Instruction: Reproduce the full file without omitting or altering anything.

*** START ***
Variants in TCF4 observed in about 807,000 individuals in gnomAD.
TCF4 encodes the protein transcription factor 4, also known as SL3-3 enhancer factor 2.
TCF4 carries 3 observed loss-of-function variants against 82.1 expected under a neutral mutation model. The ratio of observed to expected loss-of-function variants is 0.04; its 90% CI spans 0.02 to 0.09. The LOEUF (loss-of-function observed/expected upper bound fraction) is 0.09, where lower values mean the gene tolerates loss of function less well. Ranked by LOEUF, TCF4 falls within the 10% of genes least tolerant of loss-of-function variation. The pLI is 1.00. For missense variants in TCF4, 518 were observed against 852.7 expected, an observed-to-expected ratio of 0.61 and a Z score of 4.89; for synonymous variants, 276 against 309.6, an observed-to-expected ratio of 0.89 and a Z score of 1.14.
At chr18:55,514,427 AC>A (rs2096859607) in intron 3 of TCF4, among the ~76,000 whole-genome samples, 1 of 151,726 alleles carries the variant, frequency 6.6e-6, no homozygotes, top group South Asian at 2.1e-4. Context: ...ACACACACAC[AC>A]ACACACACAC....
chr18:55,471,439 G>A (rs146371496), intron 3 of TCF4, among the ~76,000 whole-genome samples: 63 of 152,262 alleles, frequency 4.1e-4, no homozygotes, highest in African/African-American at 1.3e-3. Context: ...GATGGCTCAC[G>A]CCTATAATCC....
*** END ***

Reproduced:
Variants in TCF4 observed in about 807,000 individuals in gnomAD.
TCF4 encodes the protein transcription factor 4, also known as SL3-3 enhancer factor 2.
TCF4 carries 3 observed loss-of-function variants against 82.1 expected under a neutral mutation model. The ratio of observed to expected loss-of-function variants is 0.04; its 90% CI spans 0.02 to 0.09. The LOEUF (loss-of-function observed/expected upper bound fraction) is 0.09, where lower values mean the gene tolerates loss of function less well. Ranked by LOEUF, TCF4 falls within the 10% of genes least tolerant of loss-of-function variation. The pLI is 1.00. For missense variants in TCF4, 518 were observed against 852.7 expected, an observed-to-expected ratio of 0.61 and a Z score of 4.89; for synonymous variants, 276 against 309.6, an observed-to-expected ratio of 0.89 and a Z score of 1.14.
At chr18:55,514,427 AC>A (rs2096859607) in intron 3 of TCF4, among the ~76,000 whole-genome samples, 1 of 151,726 alleles carries the variant, frequency 6.6e-6, no homozygotes, top group South Asian at 2.1e-4. Context: ...ACACACACAC[AC>A]ACACACACAC....
chr18:55,471,439 G>A (rs146371496), intron 3 of TCF4, among the ~76,000 whole-genome samples: 63 of 152,262 alleles, frequency 4.1e-4, no homozygotes, highest in African/African-American at 1.3e-3. Context: ...GATGGCTCAC[G>A]CCTATAATCC....